Keith Ellison Answers Patch Readers' Questions (Part 1)
The Democratic incumbent is running again this election season in Minnesota's Fifth Congressional District.
Editor's Note: 5th District Patches recently asked readers to pose questions to incumbent Rep. Keith Ellison and challenger Chris Fields. This week, we are running the candidates' answers to some of the best questions we received. Today, we're featuring Part One of our interview with Ellison. Part Two will run tomorrow. Our interview with Fields ran on Monday and Tuesday. Here is Part One and Part Two of that conversation.
Lauren asks: Do you plan to vote yes or no on the voter ID amendment? Why or why not?
Ellison: I’m going to vote “no.” And I’m going to vote no because there are a lot of Minnesotans who are fully eligible to vote yet who may not posses a driver’s license or a Minnesota state ID. Because of that, I think that anything that restricts the right to vote is bad and we shouldn’t have it. Also, the justification that proponents are offering is that it would prevent fraud. It certainly would not prevent fraud, and there is no fraud. So really, this is just a strategy to suppress the vote, and I object to that.
Donna Moss asks: Congress recently voted to keep the interest rates of federal subsidized Stafford loans frozen at 3.4 percent for the next year, at which point rates will return to their original 6.8 percent unless further action is taken. Congressman Ellison, you've frequently emphasized the importance of making higher education more affordable. What is your next step?
Ellison: My next step is to fight to keep college education affordable. I’m (a co-author) of a bill to make these student loan rates permanently low, and also to even start a process of loan forgiveness for students if they meet certain qualifications. So I think we have to keep the doors to universities open, and not just the four-year institutions—I mean the two-year ones, too. I will forever be working to reduce the cost of college education.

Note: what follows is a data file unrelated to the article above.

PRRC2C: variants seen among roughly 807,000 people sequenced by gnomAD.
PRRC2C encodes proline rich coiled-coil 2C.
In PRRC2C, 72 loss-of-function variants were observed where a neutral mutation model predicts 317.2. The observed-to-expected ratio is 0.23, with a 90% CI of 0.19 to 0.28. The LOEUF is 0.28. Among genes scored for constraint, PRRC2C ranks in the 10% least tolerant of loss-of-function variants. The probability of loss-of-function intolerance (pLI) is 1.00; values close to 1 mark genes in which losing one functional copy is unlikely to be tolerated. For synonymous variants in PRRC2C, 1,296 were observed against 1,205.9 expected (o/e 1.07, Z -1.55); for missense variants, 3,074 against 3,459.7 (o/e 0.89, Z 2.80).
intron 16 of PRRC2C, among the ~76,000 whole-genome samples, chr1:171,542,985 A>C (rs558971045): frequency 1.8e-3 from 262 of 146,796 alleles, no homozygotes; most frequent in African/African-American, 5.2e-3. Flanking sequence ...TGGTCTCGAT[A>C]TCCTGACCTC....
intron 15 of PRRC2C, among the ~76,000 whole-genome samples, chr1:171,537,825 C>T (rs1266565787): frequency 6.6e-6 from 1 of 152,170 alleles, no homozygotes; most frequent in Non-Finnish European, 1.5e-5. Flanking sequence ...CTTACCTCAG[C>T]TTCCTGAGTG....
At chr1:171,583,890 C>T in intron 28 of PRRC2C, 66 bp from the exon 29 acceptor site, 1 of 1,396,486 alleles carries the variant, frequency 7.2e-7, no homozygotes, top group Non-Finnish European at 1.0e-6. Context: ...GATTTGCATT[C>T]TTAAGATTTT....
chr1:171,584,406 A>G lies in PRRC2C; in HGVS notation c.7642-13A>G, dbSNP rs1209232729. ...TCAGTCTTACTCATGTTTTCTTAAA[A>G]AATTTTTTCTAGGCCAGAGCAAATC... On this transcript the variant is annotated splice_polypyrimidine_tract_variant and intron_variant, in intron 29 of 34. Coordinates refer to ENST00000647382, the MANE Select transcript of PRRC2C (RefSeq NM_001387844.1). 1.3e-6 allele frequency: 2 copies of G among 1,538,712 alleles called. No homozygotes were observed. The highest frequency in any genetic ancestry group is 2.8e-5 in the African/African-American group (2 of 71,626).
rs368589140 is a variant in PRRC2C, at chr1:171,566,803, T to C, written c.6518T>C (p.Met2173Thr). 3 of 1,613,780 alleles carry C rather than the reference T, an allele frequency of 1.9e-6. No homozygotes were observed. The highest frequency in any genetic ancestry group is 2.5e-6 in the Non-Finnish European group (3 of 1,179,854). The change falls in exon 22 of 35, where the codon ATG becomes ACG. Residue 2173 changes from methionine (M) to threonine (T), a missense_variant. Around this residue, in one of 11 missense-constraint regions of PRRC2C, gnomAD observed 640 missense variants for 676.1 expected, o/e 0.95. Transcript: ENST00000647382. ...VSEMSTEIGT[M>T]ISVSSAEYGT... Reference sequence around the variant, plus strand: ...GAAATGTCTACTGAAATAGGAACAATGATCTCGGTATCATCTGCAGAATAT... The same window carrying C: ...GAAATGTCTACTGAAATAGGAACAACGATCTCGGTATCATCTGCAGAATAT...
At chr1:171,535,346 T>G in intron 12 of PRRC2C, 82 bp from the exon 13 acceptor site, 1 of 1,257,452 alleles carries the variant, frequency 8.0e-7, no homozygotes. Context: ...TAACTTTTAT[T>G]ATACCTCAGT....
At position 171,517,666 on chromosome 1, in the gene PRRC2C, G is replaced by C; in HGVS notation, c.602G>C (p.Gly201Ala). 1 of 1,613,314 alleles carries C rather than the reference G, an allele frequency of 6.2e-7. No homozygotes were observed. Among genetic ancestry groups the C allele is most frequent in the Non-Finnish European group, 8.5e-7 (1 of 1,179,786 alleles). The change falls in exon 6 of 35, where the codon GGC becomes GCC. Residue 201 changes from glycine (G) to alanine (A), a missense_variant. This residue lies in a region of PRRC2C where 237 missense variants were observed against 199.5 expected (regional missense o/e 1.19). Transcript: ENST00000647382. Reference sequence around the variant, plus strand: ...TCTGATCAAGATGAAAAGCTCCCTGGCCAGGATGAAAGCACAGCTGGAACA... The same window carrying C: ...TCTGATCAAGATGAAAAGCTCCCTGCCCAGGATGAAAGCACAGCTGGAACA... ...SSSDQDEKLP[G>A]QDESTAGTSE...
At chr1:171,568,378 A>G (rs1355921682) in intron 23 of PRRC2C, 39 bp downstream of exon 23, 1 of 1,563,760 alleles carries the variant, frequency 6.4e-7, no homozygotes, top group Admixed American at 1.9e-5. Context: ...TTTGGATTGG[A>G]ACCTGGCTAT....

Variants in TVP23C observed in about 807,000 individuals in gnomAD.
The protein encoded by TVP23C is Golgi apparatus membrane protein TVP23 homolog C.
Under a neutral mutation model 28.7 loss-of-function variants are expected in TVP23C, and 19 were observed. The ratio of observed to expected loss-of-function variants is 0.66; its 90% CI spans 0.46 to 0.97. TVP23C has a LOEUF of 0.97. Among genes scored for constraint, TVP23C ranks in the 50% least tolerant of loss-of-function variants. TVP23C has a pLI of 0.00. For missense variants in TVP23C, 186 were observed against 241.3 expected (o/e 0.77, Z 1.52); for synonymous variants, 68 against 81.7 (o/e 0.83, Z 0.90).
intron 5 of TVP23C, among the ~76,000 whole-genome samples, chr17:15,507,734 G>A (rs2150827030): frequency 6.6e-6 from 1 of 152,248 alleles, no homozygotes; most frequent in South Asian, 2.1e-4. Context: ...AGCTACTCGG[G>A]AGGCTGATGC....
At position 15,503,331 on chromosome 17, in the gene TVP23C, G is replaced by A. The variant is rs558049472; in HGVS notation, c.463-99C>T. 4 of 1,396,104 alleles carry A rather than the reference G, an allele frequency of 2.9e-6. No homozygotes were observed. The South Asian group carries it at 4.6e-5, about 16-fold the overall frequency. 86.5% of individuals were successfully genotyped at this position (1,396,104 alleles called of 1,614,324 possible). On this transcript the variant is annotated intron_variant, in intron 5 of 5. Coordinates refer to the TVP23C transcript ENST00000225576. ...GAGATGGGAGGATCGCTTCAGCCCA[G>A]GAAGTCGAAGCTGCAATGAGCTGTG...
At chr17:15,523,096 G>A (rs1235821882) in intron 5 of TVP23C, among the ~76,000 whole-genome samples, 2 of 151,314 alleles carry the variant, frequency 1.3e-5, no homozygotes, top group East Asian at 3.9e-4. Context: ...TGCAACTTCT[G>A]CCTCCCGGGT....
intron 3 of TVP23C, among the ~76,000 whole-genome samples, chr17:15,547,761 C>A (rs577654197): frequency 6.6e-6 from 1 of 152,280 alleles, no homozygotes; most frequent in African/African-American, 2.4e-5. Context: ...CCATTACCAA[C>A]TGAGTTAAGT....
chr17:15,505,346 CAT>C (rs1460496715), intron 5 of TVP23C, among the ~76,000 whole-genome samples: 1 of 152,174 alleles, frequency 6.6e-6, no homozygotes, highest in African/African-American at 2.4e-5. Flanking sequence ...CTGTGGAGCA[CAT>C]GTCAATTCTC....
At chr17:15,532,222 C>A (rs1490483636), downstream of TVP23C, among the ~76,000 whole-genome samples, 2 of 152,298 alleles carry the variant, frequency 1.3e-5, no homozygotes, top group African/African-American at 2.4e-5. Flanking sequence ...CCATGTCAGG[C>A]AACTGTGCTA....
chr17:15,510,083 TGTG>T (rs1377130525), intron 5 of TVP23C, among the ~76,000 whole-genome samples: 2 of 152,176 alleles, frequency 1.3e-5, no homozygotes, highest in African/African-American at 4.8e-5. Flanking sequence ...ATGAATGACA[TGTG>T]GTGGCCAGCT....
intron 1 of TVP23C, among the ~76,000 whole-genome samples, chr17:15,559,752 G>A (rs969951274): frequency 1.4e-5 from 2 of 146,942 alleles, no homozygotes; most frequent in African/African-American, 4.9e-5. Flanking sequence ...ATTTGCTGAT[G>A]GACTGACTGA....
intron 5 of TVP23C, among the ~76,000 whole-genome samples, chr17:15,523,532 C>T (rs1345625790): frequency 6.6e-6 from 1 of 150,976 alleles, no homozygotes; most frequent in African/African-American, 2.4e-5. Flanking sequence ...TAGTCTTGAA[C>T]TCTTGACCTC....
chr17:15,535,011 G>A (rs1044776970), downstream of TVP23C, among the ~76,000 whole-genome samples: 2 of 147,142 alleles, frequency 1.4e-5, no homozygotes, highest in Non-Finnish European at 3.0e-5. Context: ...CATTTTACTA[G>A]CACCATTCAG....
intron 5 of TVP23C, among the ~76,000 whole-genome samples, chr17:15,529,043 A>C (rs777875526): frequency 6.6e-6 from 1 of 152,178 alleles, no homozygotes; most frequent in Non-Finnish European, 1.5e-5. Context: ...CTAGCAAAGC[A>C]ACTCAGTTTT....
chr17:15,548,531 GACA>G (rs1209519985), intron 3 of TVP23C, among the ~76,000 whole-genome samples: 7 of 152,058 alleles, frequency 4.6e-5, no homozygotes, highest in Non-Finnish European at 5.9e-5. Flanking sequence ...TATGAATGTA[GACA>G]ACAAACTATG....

Seth Engman asks: Is it ever appropriate to characterize your opponent or those who disagree with you as "anti-American?"
Ellison: I think we need to focus on the issues and avoid name-calling. Certainly, I’ve been the target of these kind of allegations. I don’t think it’s appropriate at any time to call your opponent “militantly anti-American.” Particularly if all they’re doing is trying to promote jobs and keep America out of wars. I think our political climate has too much overblown rhetoric. If you check my record, I’ve never been one to engage in negative campaigning and don’t intend to now—even if provoked.
Robert Hemphill asks: What specific choices would you make (i.e. who would you raise taxes on, what programs would you cut) in order to balance the budget?
Ellison: That’s a good question. I would start by removing the subsidies that are now enjoyed by the fossil fuel industry. There is $110 billion worth of subsidies and loopholes that the coal, natural gas and oil companies get right now. For example, BP was allowed to write-off the clean-up of the Gulf. This is an outrage and it shouldn’t exist. I would also allow the Bush tax cuts to expire, for people who make over $250,000 … I’d also seek out to close corporate loopholes that allow for off-shoring of American jobs. There are a number of those that need to be cut, not the least of which are foreign tax havens, which basically incentivize the exportation of American jobs.
Christian U asks: Can you tell us how you plan to vote and why you are voting that way on the issue of the Minnesota marriage amendment?